In this edition of Ask Colley, Graeme Colley answers “I know there’s been changes to the Transition to Retirement Income Stream. If I’m a retiree of close to retirement age, what do I need to know?”
Q: I know there’s been changes to the Transition to Retirement Income Stream. If I’m a retiree of close to retirement age, what do I need to know?
A: If you’ve reached the preservation age of 57, need a little more to live on and saved a reasonable amount in superannuation, then a Transition to Retirement Income Stream (also known as a TRIS) could be right for you. The TRIS allows you access to preserved superannuation benefits as an income stream while you continue to work.
TRISs have been around since 2005 and were originally designed to allow you to transition into retirement by reducing work hours but allowing you to top up your income from super while receiving a reduced pay packet. However, very few TRISs were ever used as originally intended as there was no requirement to reduce work hours and you could offset the amount withdrawn from super by salary sacrificing or making tax deductible contributions to super. The real power from commencing a TRIS came from the income on fund investments supporting the TRIS, including capital gains, which were totally tax free.
With the changes to super from 1 July last year, the attraction of TRISs became tainted as the income on the investments supporting the TRIS became taxable. However, other positive features of a TRIS remain, and you can continue to salary sacrifice to super or make tax deductible contributions which are limited by the concessional contributions cap of $25,000. So, is it still viable to put a TRIS in place given the changes that have occurred. As always, this will depend on your circumstances because in some situations it will be worthwhile and in others it won’t.
Let’s look at a case study that illustrates the rules as they have applied from 1 July 2017. Joel is 57 and is employed as a tutor. He is thinking of starting a TRIS as he would like access to his preserved superannuation benefits but at the same time maintain his superannuation balance, if possible.
Joel decides to have concessional contributions of $25,000 made to superannuation from a combination of his employer’s superannuation guarantee contributions and personal deductible contributions. Joel earns about $110,000 p.a. and pays a personal tax rate of 39% including Medicare. His superannuation will increase by $21,250 p.a. after tax of 15% and the tax benefit from making these contributions will be a maximum of $9,750. This will result in a net tax benefit of $6,000, taking into account the tax paid by the fund of $3,750.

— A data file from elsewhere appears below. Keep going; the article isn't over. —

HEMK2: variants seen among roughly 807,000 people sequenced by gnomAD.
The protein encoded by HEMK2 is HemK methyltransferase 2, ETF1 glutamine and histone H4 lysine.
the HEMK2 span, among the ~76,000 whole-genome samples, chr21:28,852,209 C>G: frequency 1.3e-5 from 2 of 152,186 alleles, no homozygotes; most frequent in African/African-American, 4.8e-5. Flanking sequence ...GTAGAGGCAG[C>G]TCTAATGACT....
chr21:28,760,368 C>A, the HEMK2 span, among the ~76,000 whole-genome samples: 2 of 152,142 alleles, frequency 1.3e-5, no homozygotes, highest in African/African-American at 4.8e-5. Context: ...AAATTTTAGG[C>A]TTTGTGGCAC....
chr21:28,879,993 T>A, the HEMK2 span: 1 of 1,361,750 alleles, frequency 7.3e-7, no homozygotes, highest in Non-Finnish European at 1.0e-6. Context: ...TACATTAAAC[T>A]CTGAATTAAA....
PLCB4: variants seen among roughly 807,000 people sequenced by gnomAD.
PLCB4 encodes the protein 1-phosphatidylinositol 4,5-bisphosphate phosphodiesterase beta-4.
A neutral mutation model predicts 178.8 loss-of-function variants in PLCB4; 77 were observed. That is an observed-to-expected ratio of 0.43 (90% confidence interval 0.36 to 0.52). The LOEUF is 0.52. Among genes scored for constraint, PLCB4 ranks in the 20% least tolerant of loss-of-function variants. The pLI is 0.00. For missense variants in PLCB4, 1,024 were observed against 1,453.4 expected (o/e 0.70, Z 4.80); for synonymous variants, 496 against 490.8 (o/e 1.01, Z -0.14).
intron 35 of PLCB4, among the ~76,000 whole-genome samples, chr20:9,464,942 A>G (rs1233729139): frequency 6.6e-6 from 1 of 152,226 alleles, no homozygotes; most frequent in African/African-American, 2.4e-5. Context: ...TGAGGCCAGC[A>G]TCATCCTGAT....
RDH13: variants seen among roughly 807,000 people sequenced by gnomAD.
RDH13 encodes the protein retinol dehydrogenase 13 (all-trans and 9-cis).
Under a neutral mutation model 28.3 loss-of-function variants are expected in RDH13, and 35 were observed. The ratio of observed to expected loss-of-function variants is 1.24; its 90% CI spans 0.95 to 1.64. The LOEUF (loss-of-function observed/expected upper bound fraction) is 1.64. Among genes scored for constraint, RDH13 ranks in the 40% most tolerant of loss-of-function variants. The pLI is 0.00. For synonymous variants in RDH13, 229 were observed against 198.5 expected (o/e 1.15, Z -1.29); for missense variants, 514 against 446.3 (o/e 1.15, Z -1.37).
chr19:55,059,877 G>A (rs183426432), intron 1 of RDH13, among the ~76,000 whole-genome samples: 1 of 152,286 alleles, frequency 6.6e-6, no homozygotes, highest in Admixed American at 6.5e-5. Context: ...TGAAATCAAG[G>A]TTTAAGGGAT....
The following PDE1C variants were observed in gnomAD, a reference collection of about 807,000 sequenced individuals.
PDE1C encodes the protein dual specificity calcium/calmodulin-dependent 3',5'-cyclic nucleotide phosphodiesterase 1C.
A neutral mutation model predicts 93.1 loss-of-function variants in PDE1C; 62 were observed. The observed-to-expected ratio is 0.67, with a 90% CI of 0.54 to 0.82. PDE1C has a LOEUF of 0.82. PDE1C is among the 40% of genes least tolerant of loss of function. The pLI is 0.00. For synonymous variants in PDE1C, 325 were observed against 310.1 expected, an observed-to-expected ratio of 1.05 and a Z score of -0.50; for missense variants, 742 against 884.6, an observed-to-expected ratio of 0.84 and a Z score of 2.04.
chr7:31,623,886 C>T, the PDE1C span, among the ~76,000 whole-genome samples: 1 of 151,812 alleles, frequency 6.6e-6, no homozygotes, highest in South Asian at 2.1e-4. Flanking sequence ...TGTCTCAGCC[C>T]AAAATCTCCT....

If Joel were to receive a TRIS of slightly over $20,000, the net amount after income tax and the 15% tax offset available he would receive is $15,250. This is the same after-tax amount had the contribution not been made to superannuation but paid to Joel as salary. Joel’s superannuation will increase by about $1,250 being the difference between the gross pension and the net amount credited to his accumulation account in the fund. Therefore, the amount Joel has in superannuation when he started the TRIS will be maintained and even slightly increased.
TRISs have a minimum and maximum amount that can be withdrawn each financial year. The minimum amount is equal to 4% of the superannuation balance which is pro rated on a daily basis if the TRIS is paid for only part of the year. There is a maximum limit which is equal to 10% of the account balance of the TRIS when it commences and each financial year thereafter. Once a person retires after preservation age or reaches 65, whatever is the earlier, the maximum pension limit no longer applies.
From 1 July 2017, the income on investments in the fund supporting Joel’s pension are taxed at 15%. This is a change from the previous rules where the income was tax exempt. The fund can offset any franking credits against its tax payable and, as the rules currently stand, the fund may even get a refund of excess franking credits.
One change that has occurred since the new rules commenced is the treatment of TRISs paid as death benefits. The death benefit rules for TRISs will only permit payment of an automatic death pension (reversionary pension) to a surviving dependant if the dependant has met some limited conditions. These conditions are retiring after preservation age, reaching 65, permanent disability and terminal illness. The government is proposing to change these rules to do away with this limitation which will be backdated to 1 July 2017. However, the legislation is yet to be debated in the parliament.
The answer to the question of whether a TRIS is still worthwhile from 1 July 2017 depends on your circumstances. If you are interested in accessing superannuation benefits early once you reach preservation age but continue to work, a TRIS could be for you.
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